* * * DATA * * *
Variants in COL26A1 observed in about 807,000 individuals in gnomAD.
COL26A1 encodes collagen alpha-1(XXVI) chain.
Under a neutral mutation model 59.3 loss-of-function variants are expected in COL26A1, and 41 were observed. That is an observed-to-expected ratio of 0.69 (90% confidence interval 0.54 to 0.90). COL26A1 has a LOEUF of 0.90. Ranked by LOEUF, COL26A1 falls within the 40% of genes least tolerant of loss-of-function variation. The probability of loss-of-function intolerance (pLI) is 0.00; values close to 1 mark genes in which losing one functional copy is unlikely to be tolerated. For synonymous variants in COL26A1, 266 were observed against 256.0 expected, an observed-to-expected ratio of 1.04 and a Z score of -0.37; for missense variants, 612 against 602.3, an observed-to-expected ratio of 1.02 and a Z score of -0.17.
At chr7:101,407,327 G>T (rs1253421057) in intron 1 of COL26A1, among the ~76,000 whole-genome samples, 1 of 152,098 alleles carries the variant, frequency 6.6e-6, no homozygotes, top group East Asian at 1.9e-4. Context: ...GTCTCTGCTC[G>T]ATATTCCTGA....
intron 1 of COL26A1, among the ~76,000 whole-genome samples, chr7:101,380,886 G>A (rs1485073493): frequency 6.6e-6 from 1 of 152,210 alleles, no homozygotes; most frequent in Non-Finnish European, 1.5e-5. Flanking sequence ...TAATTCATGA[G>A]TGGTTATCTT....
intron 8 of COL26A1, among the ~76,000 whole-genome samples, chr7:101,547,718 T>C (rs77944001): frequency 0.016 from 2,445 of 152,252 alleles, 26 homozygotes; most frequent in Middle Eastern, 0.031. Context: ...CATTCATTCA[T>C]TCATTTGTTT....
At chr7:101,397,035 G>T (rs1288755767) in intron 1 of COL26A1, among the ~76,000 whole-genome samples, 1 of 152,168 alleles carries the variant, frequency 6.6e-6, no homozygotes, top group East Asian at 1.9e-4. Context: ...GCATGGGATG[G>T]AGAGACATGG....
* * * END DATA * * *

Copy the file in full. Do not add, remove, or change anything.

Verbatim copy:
Variants in COL26A1 observed in about 807,000 individuals in gnomAD.
COL26A1 encodes collagen alpha-1(XXVI) chain.
Under a neutral mutation model 59.3 loss-of-function variants are expected in COL26A1, and 41 were observed. That is an observed-to-expected ratio of 0.69 (90% confidence interval 0.54 to 0.90). COL26A1 has a LOEUF of 0.90. Ranked by LOEUF, COL26A1 falls within the 40% of genes least tolerant of loss-of-function variation. The probability of loss-of-function intolerance (pLI) is 0.00; values close to 1 mark genes in which losing one functional copy is unlikely to be tolerated. For synonymous variants in COL26A1, 266 were observed against 256.0 expected, an observed-to-expected ratio of 1.04 and a Z score of -0.37; for missense variants, 612 against 602.3, an observed-to-expected ratio of 1.02 and a Z score of -0.17.
At chr7:101,407,327 G>T (rs1253421057) in intron 1 of COL26A1, among the ~76,000 whole-genome samples, 1 of 152,098 alleles carries the variant, frequency 6.6e-6, no homozygotes, top group East Asian at 1.9e-4. Context: ...GTCTCTGCTC[G>T]ATATTCCTGA....
intron 1 of COL26A1, among the ~76,000 whole-genome samples, chr7:101,380,886 G>A (rs1485073493): frequency 6.6e-6 from 1 of 152,210 alleles, no homozygotes; most frequent in Non-Finnish European, 1.5e-5. Flanking sequence ...TAATTCATGA[G>A]TGGTTATCTT....
intron 8 of COL26A1, among the ~76,000 whole-genome samples, chr7:101,547,718 T>C (rs77944001): frequency 0.016 from 2,445 of 152,252 alleles, 26 homozygotes; most frequent in Middle Eastern, 0.031. Context: ...CATTCATTCA[T>C]TCATTTGTTT....
At chr7:101,397,035 G>T (rs1288755767) in intron 1 of COL26A1, among the ~76,000 whole-genome samples, 1 of 152,168 alleles carries the variant, frequency 6.6e-6, no homozygotes, top group East Asian at 1.9e-4. Context: ...GCATGGGATG[G>T]AGAGACATGG....